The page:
The levy has been frozen at around 58p for and entire decade – saving the average car driver a cumulative £1,200 each but depriving the state of an absolute fortune while other duties continue to rise, and while we face a climate crisis.
Last year’s freeze alone deprived the Treasury of more than half a billion pounds in each future year.
The Budget is likely to confirm the minimum wage rates for 2021, but because they begin in April we already know what they’ll be.
It will rise by 19p an hour to £8.91 for over-23s, with 23 and 24-year-olds included in the higher rate for the first time.
It will also hit £8.36 for those aged 21-22; £6.56 for those aged 18-20; £4.62 for 16 and 17-year-olds and £4.30 for apprentices.
Due to low inflation the minimum wage is rising by less than might have been hoped.
Alcohol and cigarettes
It is traditional for ‘sin taxes’ to rise in the Budget – usually at 6pm the same day to avoid a run on corner shops.
However, it seems likely the Chancellor could freeze beer duty for example, to throw a bone to pubs desperate for some trade.
Beer gardens will be allowed to open from April 12 at the earliest in England, followed by indoor areas of pubs from May 17.
What might be in the Budget
Rumours are abounding that the Chancellor will reverse some of the Tory cuts to corporation tax, raising it to around 23% or 24%.
This may not be immediate and may only happen over the length of the Parliament, which ends in 2024.
Bizarrely Labour, who have vowed to oppose “immediate” tax rises in the Budget, could end up siding with Tory rebels to oppose a hike on big business.
The main rate of corporation tax was slashed from 28% to 19% under a decade of Tory rule. In the 2019 election Labour pledged to reverse most of these cuts and bring the rate back to 26%, except for small businesses. But now the party says it’s not the right time for tax rises.
Some reports have suggested the Chancellor could impose a windfall tax on firms that have done well out of the pandemic.
This could include supermarkets or online giants like Amazon. Perhaps it could be lumped in with a proposed online sales tax, details of which could also be announced in the Budget.
Mr Sunak is said to be considering axing rises to the Income Tax personal allowance to help pay for the Covid crisis, according to the Daily Telegraph.
The tax-free personal allowance – currently £12,500 – was due to rise in April for the first time since 2019.
While the allowance would have only risen to £12,562 this year, saving a family just £12.50 in tax, that would have paved the way for bigger rises in future years that could have built on it.
The threshold for paying 40% tax had also been due to rise from £50,000 to £50,250 in April, saving wealthier families £62.50 in total.
There has also been speculation that Capital Gains Tax might be raised to 45%, bringing it in line with Income Tax, from its current rate of 20%.
Other tax changes
The Treasury was said to be mulling scrapping council tax and stamp duty – and replacing them with a property tax.
A proportional property tax could be levied on the existing values of homes, rather than 1990s valuations, which council tax is based on, the Sunday Times said. But this could be more of a long-term move.
A ‘stealth tax’ on wealthy pensioners
The Times reported the Chancellor could freeze the lifetime allowance – the amount people can save before tax charges kick in – at just over £1million.
As more people would be pulled into the tax net, about 10,000 people with larger pensions could pay more than £22,000 extra in tax by 2024, it was reported.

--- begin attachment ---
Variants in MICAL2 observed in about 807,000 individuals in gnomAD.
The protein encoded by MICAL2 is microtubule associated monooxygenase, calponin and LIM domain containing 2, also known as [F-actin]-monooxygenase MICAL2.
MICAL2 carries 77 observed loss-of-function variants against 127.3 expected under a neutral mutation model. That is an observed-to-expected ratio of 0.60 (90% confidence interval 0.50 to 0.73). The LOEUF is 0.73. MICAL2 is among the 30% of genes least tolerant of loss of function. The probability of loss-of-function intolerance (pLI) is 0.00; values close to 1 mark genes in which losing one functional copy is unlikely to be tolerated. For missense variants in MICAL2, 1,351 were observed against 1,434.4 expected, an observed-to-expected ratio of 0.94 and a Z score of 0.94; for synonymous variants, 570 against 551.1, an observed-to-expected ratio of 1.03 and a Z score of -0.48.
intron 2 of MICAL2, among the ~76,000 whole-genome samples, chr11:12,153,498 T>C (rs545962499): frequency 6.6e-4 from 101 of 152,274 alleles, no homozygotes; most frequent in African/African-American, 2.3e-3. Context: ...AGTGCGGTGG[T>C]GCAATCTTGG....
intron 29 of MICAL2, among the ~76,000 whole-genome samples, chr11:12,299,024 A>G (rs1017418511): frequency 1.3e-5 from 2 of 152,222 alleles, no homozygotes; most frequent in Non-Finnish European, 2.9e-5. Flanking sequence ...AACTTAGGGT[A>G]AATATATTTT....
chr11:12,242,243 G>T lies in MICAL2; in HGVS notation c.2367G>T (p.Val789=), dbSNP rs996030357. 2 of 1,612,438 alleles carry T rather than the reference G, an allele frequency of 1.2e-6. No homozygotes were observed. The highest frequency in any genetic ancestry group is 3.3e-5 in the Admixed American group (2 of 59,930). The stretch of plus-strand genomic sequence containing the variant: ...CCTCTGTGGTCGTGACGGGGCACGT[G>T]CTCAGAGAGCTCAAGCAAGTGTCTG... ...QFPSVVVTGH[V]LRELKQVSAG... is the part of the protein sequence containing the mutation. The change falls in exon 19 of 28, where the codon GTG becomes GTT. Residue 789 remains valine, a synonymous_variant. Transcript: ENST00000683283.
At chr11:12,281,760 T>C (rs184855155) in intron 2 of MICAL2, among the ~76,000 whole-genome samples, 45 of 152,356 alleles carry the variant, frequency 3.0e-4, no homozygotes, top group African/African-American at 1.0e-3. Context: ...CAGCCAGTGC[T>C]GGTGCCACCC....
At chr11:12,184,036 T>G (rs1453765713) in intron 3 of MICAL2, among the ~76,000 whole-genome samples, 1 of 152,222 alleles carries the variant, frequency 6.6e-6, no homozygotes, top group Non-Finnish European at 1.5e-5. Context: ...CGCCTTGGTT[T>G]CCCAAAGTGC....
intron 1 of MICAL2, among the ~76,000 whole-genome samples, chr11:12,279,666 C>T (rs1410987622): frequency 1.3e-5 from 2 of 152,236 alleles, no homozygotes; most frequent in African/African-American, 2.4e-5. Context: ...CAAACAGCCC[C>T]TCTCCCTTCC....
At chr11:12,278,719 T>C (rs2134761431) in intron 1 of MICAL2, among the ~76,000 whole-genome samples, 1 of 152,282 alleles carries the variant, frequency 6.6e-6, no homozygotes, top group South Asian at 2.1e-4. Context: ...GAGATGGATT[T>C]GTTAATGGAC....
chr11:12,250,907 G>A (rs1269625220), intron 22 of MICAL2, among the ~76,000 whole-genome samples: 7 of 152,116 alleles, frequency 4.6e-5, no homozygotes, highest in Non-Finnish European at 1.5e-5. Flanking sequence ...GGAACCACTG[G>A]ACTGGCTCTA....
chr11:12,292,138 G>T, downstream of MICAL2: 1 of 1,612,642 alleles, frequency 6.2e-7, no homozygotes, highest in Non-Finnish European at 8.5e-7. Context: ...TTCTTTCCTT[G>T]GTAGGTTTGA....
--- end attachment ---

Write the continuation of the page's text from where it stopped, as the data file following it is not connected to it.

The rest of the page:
The lifetime allowance had been expected to increase by £5,800 in 2021/22, in line with inflation.
Moving bits of the Treasury north
The Chancellor could nod to the government’s pledge to “level up” by announcing a site for a northern HQ of the Treasury. According to the Financial Times it could be Darlington – which just happens to be a stone’s throw from his constituency.
What won’t be in the Budget
High street £150 vouchers
Every adult would be given a £150 voucher to spend in shops under a think tank’s idea to boost the high street when lockdown ends.
Every child would also be given £75 under the £9bn scheme being proposed by the Resolution Foundation.
However, it’s understood there is zero chance of Chancellor Rishi Sunak announcing the voucher scheme any time soon – including in next week’s Budget. Officials believe it would make no sense to announce such a scheme months in advance because it would change people’s spending behaviour.
And it would be difficult to set up sensibly because while some shops are on their knees due to Covid-19, others have done well from the pandemic.
Eat Out to Help Out II
Last year’s Eat Out to Help Out scheme was blamed – in a Warwick University study and elsewhere – for driving case rates.
But it did also drive people into struggling pubs and restaurants by giving them up to £10 a head off meals.
Treasury sources have not ruled out the scheme making a return in some form later this year. But they have absolutely ruled it out for the coming week’s Budget.
NHS pay rise
The NHS risks an “exodus” of nurses after the pandemic abates if Rishi Sunak fails to offer a decent pay rise to staff, union bosses have warned.
Nursing leaders said staff are “exhausted and morale is on the floor” after nearly a year of gruelling shifts battling coronavirus.
The Royal College of Nursing (RCN) urged the Chancellor to use next week’s Budget to boost central NHS funding for the explicit purpose of increasing staff pay levels – or risk staff shortages which could hit patient care.
But they will have to wait beyond the Budget for actual news on a pay rise until pay review bodies report back later in the Spring. Treasury sources insisted the timing was laid out last year.
Jonathan Ashworth MP, Labour’s Shadow Health Secretary, said: “Our NHS staff deserve a fair pay rise. If Rishi Sunak next week refuses it will be kick in the teeth to our brave hardworking NHS heroes.”